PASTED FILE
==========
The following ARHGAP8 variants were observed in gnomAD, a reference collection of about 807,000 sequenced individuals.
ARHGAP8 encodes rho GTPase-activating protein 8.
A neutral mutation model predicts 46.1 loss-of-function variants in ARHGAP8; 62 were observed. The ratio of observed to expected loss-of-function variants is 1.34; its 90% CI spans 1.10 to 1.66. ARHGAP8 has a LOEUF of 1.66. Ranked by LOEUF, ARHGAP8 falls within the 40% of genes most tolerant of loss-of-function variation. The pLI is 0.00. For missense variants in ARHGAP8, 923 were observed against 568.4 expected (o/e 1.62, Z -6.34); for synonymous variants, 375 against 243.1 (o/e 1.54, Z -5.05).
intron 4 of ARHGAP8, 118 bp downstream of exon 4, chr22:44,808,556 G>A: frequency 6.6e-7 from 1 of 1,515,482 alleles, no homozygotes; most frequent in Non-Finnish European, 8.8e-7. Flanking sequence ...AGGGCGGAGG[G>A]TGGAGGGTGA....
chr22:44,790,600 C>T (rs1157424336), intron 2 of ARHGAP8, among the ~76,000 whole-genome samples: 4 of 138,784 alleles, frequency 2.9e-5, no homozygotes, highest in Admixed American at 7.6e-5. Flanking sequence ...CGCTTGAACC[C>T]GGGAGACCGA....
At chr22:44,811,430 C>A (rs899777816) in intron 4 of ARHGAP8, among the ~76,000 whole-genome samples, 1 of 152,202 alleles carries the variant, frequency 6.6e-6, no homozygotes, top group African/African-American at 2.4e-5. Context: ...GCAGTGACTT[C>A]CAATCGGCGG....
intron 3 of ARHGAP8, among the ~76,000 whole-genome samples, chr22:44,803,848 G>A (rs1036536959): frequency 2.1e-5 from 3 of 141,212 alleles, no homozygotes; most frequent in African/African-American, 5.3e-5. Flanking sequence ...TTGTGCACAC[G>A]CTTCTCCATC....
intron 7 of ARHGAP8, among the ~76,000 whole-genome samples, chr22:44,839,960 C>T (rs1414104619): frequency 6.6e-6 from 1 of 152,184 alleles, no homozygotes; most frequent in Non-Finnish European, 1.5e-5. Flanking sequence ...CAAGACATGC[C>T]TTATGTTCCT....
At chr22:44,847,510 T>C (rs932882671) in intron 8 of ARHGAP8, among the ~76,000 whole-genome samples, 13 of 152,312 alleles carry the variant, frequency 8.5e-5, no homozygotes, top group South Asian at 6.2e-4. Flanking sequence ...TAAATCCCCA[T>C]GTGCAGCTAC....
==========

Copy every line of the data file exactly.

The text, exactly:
The following ARHGAP8 variants were observed in gnomAD, a reference collection of about 807,000 sequenced individuals.
ARHGAP8 encodes rho GTPase-activating protein 8.
A neutral mutation model predicts 46.1 loss-of-function variants in ARHGAP8; 62 were observed. The ratio of observed to expected loss-of-function variants is 1.34; its 90% CI spans 1.10 to 1.66. ARHGAP8 has a LOEUF of 1.66. Ranked by LOEUF, ARHGAP8 falls within the 40% of genes most tolerant of loss-of-function variation. The pLI is 0.00. For missense variants in ARHGAP8, 923 were observed against 568.4 expected (o/e 1.62, Z -6.34); for synonymous variants, 375 against 243.1 (o/e 1.54, Z -5.05).
intron 4 of ARHGAP8, 118 bp downstream of exon 4, chr22:44,808,556 G>A: frequency 6.6e-7 from 1 of 1,515,482 alleles, no homozygotes; most frequent in Non-Finnish European, 8.8e-7. Flanking sequence ...AGGGCGGAGG[G>A]TGGAGGGTGA....
chr22:44,790,600 C>T (rs1157424336), intron 2 of ARHGAP8, among the ~76,000 whole-genome samples: 4 of 138,784 alleles, frequency 2.9e-5, no homozygotes, highest in Admixed American at 7.6e-5. Flanking sequence ...CGCTTGAACC[C>T]GGGAGACCGA....
At chr22:44,811,430 C>A (rs899777816) in intron 4 of ARHGAP8, among the ~76,000 whole-genome samples, 1 of 152,202 alleles carries the variant, frequency 6.6e-6, no homozygotes, top group African/African-American at 2.4e-5. Context: ...GCAGTGACTT[C>A]CAATCGGCGG....
intron 3 of ARHGAP8, among the ~76,000 whole-genome samples, chr22:44,803,848 G>A (rs1036536959): frequency 2.1e-5 from 3 of 141,212 alleles, no homozygotes; most frequent in African/African-American, 5.3e-5. Flanking sequence ...TTGTGCACAC[G>A]CTTCTCCATC....
intron 7 of ARHGAP8, among the ~76,000 whole-genome samples, chr22:44,839,960 C>T (rs1414104619): frequency 6.6e-6 from 1 of 152,184 alleles, no homozygotes; most frequent in Non-Finnish European, 1.5e-5. Flanking sequence ...CAAGACATGC[C>T]TTATGTTCCT....
At chr22:44,847,510 T>C (rs932882671) in intron 8 of ARHGAP8, among the ~76,000 whole-genome samples, 13 of 152,312 alleles carry the variant, frequency 8.5e-5, no homozygotes, top group South Asian at 6.2e-4. Flanking sequence ...TAAATCCCCA[T>C]GTGCAGCTAC....